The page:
C/Techniques and Technology 1 (Version 2)
Students will be introduced to the Department computer workstation and basic skills such as sample recording, sequencing, mixing and processing will be covered. Students will also be guided through the basic techniques of instrumental writing and the presentation of an instrumental score using computer notation software.
Studies and Investigations 2 (Version 2)
Studies and Investigations 2 is designed to foster intellectual curiosity and independent thought. Students are offered a range of options, each examining a particular aspect of musicology or music history in detail. Two options should be chosen, which make up a third of the credit points for the module. The remaining third of the module is taken up by an independent study, which can take the form of a 3-4000 word essay, formal presentation or project. The topic for this is decided in conjunction with a tutor, who will guide the student to relevant resources. Compulsory tutorials and seminars ensure that the student maintains an appropriate timetable for the completion of the study. In addition, a short-term work placement is permissible, replacing the self-directed independent study.
Techniques and Technology 2 (Version 2)
Students will explore the features of the computer workstation at an advanced level, covering interactive techniques and hard disk sound editing and transformation. In addition, this will include multi-speaker sound projection and mastering.
Professional Work Experience 30: Music
Students may identify a work experience opportunity or have a work experience suggested to them. Before starting students meet with the Programme Leader or their nominated tutor, to discuss the impending placement. All aspects of the intended experience are addressed from health and safety to client confidentiality and students are given guidance on behaviour and how to manage expectations. Proposals need to identify an outline work programme, the number of days in placement and the main learning outcomes; and are subject to agreement of the Programme Leader.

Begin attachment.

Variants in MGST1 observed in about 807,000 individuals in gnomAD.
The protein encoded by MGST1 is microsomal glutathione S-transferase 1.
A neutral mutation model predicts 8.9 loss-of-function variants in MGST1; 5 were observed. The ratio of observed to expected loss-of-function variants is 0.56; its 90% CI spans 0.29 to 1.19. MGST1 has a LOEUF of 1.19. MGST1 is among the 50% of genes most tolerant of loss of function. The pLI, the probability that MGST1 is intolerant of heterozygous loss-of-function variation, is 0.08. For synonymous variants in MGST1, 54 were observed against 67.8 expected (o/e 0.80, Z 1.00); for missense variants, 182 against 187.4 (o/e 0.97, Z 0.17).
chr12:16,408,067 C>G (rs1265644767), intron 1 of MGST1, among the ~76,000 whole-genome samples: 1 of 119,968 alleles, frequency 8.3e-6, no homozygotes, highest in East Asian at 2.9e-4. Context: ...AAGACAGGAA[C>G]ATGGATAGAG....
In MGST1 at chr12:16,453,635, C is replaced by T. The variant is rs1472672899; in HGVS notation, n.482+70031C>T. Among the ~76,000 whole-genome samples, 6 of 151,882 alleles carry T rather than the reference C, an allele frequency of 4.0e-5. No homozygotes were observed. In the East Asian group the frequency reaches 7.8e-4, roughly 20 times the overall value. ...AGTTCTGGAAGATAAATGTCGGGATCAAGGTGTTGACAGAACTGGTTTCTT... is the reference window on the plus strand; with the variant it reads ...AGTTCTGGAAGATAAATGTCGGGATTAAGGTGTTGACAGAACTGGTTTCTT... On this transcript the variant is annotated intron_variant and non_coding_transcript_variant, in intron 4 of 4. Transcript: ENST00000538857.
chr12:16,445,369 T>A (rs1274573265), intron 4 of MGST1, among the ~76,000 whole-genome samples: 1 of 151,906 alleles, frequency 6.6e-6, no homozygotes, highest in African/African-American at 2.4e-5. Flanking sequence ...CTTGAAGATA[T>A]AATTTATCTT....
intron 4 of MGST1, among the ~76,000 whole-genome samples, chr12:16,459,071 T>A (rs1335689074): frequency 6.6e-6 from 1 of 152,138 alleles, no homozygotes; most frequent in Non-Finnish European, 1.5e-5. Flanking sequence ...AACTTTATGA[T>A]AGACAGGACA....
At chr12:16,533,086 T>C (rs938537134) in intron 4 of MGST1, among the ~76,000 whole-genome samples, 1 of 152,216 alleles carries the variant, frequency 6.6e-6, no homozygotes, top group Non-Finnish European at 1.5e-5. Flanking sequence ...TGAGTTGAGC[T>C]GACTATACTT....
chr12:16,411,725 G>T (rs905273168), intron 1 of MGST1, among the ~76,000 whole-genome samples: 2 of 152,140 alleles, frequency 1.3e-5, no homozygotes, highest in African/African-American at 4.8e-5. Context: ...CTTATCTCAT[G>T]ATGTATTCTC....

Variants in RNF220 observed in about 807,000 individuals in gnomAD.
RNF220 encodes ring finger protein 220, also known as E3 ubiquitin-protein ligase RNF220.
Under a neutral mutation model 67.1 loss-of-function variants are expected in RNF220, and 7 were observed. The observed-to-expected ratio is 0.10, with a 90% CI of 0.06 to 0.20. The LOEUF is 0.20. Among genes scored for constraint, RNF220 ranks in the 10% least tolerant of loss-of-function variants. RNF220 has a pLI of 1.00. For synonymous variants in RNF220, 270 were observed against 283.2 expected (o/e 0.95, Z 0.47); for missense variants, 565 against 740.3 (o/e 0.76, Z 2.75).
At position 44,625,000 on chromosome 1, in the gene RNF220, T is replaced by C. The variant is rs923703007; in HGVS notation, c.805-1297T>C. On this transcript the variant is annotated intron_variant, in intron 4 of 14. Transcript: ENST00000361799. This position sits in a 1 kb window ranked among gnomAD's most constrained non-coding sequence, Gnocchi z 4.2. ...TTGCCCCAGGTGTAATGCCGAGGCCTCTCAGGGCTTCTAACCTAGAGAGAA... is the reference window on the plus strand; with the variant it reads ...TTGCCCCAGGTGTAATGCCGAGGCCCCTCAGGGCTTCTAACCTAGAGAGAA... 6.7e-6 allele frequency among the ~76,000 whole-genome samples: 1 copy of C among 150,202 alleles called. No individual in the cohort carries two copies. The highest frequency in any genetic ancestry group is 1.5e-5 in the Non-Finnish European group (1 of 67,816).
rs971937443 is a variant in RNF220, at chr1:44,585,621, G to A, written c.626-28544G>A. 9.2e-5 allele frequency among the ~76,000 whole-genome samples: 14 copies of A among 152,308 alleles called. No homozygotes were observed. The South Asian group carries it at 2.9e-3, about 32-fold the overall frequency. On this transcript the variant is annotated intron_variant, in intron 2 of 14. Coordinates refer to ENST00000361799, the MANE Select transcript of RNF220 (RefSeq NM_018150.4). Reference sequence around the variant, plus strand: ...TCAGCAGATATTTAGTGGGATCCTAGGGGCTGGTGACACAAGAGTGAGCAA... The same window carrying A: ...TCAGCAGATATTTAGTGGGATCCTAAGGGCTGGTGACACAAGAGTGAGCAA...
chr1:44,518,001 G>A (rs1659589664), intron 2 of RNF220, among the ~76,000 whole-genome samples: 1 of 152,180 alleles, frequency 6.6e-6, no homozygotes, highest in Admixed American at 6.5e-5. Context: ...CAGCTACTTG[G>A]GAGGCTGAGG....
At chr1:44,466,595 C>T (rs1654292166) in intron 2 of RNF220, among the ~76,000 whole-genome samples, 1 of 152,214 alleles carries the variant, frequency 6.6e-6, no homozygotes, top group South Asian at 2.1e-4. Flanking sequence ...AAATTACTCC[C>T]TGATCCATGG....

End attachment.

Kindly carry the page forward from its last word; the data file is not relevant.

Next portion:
The Year Abroad will provide students in Creative Arts with the opportunity to expand, develop and apply the knowledge and skills gained in the first two taught years of the degree within a different organisational and cultural environment in a partner academic institution. The host institution will appoint a Programme Co-ordinator who will oversee the student's programme during the Year Abroad and will liaise with the appointed UH Supervisor.
- Project (Composition)
Studies and Investigations 3 (Version 2)
Studies and Investigations 3 is designed to foster intellectual curiosity and independent thought. Students are offered a range of options, each examining a particular aspect of musicology or music history in detail. Two options should be chosen, which make up two thirds of the available points for the module. (The options include topics such as Sound Cognition and Perception 3, Experimental Music, Crossovers and Fusions, World Music or Film Music Analysis 3.) The other third of the module is taken up by an independent study, which can take the form of a 4000 word essay, formal presentation or experimental project. The topic for this is decided in conjunction with a tutor, who will guide the student to relevant resources. Compulsory tutorials and seminars ensure that the student maintains an appropriate timetable for the completion of the study. The outcomes from work experience may replace the independent study submission. The Summer Work Experience provides students with the chance to experience aspects of professional practice in their discipline within the creative and cultural industries. A wide variety of placements are possible in commercial, public or not-for-profit sectors. The work experience would be taken over the summer period prior to the start of level 6 and be reported on as part of the assessment submission of the module, normally the outcomes from work experience would form part of the Independent Study submission although it may replace one of the optional topics given the approval of the Programme Leader and Studies and Investigations tutor.
Fees & funding
Full time: £9,000 for the 2014 academic year
Part time: If you decide to study this course on a part time basis you will be charged on a modular basis. The cost is £1,125 for each 15-credit module
Full time: £10,600 for the 2014 academic year
Other financial support
Living costs / accommodation
The University of Hertfordshire offers a great choice of student accommodation, on campus or nearby in the local area, to suit every student budget.
Key course information
- Institution code: H36
- UCAS code: W300 BSc (Hons) Music Composition and Technology
- Course code: CCMC
- Course length:
- Full Time, 3 Years
- Part Time, 5 Years
- Sandwich, 4 Years